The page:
Johann Hari, author of Lost Connections: Uncovering the Real Causes of Depression – and the Unexpected Solutions, was concerned about the extraordinary rise in the use of antidepressant drugs in America and the associated total focus on biological causes of depression. He set about doing worldwide research on the social factors contributing to depression. He was particularly interested in precursor events or situations that led to a person experiencing depression. His research led him to identify nine social factors that were contributing to the alarming rise in the incidence of depression and suicide. As the title of his book indicates, each of these social factors related to a “lost connection.” He describes the first of these causal factors as “disconnection from meaningful work”.
Loss of connection to meaningful work
Johann’s research (and that of his colleagues) covered a range of people engaged in different kinds of work, usually at lower levels in organisations. They found that certain job characteristics contributed to a loss of meaning for the worker. This disconnection with meaningful work resonates with the Job Characteristics Model developed by Hackman and Oldham in the 1970s as a basis for the design of jobs that generated positive psychological states such as the experience of meaningfulness and personal responsibility.
Johann, drawing on his own research and that of his colleagues, identified several job characteristics in different contexts that contributed to the loss of connection to meaningful work and resulted in people experiencing depression:
- Lack of control over work – research into the high incidence of suicide amongst staff investigating tax returns in the Taxation Office in Britain found that a key contributing factor was the lack of control over their work. No matter how hard they worked, the pile of work kept growing and they could never get on top of it. The ability to control the work environment and how work is done, known as “agency”, has been the subject of much research into what constitutes a psychologically healthy work environment.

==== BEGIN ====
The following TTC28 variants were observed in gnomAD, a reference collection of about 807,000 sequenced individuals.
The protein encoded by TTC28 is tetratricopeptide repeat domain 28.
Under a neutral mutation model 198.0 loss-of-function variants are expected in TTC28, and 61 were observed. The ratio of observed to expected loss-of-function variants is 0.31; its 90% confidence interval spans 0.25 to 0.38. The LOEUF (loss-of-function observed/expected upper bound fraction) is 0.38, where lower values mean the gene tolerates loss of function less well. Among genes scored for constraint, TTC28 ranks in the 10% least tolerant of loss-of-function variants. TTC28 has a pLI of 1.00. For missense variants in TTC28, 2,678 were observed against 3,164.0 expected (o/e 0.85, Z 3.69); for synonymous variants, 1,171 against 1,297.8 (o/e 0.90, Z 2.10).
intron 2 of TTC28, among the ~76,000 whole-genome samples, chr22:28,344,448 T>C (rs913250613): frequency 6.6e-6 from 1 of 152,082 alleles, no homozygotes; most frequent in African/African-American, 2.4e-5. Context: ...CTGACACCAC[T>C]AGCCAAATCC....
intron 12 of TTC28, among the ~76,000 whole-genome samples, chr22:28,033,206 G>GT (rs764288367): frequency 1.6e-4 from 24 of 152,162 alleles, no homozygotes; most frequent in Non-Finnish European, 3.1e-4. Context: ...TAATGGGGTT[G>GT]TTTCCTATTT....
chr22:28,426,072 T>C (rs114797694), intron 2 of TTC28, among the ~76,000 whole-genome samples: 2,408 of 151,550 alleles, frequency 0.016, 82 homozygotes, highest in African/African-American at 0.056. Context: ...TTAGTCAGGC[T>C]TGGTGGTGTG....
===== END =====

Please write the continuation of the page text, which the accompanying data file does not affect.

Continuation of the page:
- Lack of feedback – in the previous research, another factor identified as contributing to psychological illness was the lack of feedback about performance of the job. No matter how well or how poorly the work was done, there was no feedback received from supervisors or managers. This led to a sense of the work and the worker being devalued. The disconnection between effort and “reward” in terms of positive feedback contributed to people feeling “irrelevant” – they felt that they were not important or relevant to what the organisation valued.
- Lack of discretion – research into the experience of depression amongst typists in a typing pool demonstrated that a causal factor of depression was the lack of the ability to make decisions affecting the work and the typists’ output. The typists were totally disempowered because work was given to them with instructions on how it was to be done by people they did not know; they lacked understanding of what the documents involved or meant; demand was endless; and they were unable to speak to each other. The work was thus experienced as meaningless and “soul-destroying”. This research, along with other studies, highlighted the fact that people lower in organisations experience greater stress than those at higher levels who have a lot of responsibility because the latter have more discretion over what they do and how they do it.
- Lack of ability to make a difference – the example given by Johann related to a worker in a paint shop who spent all day adding tint to base paint and using a machine to mix the contents to provide paint with the colour requested by a customer. The repetitious nature of this task and the associated boredom contributed to the worker experiencing a lack of meaning because he did not make a real difference in people’s lives. Hackman and Oldham had previously identified “significance” of a job as a key element for a psychologically satisfying job. Associated with that was the degree to which a job provided what they termed “task variety” and “skill variety”. Work without variation and with no perceived impact, can be experienced as mind-numbing and deadening and lead to depression.
The loss of connection to meaningful work can be addressed at two levels. Organisations can develop greater awareness about what constitutes unhealthy work design and remedy deficiencies in the design of jobs. Action learning interventions can be helpful in this regard and, in the process, build employee’s self-awareness and sense of agency.
Workers, too, can develop inner awareness about what in their work is impacting their mental health and causing depression. They can explore this awareness through meditation and reflection and identify ways to remedy the situation. As they grow in mindfulness, they may be able to identify why they are procrastinating and not removing themselves from a harmful work situation. Johann found, for example, that the worker in the paint shop really wanted to change jobs and had already identified what job would give more meaning and joy for him. However, he was held back by his perceived need to achieve the external rewards of life – better income and a good car. Through meditation and reflection, it is possible to become more acutely aware of the cost of “staying’ versus changing and to be able to cope with the vulnerability involved in changing jobs.
Image by Gerd Altmann from Pixabay
By Ron Passfield – Copyright (Creative Commons license, Attribution–Non Commercial–No Derivatives)
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